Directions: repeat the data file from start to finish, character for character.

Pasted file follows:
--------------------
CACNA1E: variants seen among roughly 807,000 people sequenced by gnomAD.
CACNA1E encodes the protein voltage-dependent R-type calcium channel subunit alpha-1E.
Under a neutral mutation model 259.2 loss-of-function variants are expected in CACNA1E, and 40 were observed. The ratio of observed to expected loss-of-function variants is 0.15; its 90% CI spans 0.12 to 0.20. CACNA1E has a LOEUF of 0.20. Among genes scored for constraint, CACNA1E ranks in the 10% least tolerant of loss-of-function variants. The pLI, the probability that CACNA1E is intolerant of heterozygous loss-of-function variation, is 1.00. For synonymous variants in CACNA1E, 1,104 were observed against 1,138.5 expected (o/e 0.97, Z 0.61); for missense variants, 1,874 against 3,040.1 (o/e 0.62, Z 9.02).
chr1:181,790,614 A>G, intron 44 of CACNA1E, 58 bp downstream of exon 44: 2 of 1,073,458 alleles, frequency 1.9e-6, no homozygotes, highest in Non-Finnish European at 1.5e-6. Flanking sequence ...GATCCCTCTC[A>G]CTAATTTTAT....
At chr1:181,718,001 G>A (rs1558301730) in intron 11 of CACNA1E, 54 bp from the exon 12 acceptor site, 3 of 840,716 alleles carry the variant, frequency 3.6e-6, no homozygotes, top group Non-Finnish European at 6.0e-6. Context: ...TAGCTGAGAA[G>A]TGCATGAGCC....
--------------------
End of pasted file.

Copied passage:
CACNA1E: variants seen among roughly 807,000 people sequenced by gnomAD.
CACNA1E encodes the protein voltage-dependent R-type calcium channel subunit alpha-1E.
Under a neutral mutation model 259.2 loss-of-function variants are expected in CACNA1E, and 40 were observed. The ratio of observed to expected loss-of-function variants is 0.15; its 90% CI spans 0.12 to 0.20. CACNA1E has a LOEUF of 0.20. Among genes scored for constraint, CACNA1E ranks in the 10% least tolerant of loss-of-function variants. The pLI, the probability that CACNA1E is intolerant of heterozygous loss-of-function variation, is 1.00. For synonymous variants in CACNA1E, 1,104 were observed against 1,138.5 expected (o/e 0.97, Z 0.61); for missense variants, 1,874 against 3,040.1 (o/e 0.62, Z 9.02).
chr1:181,790,614 A>G, intron 44 of CACNA1E, 58 bp downstream of exon 44: 2 of 1,073,458 alleles, frequency 1.9e-6, no homozygotes, highest in Non-Finnish European at 1.5e-6. Flanking sequence ...GATCCCTCTC[A>G]CTAATTTTAT....
At chr1:181,718,001 G>A (rs1558301730) in intron 11 of CACNA1E, 54 bp from the exon 12 acceptor site, 3 of 840,716 alleles carry the variant, frequency 3.6e-6, no homozygotes, top group Non-Finnish European at 6.0e-6. Context: ...TAGCTGAGAA[G>A]TGCATGAGCC....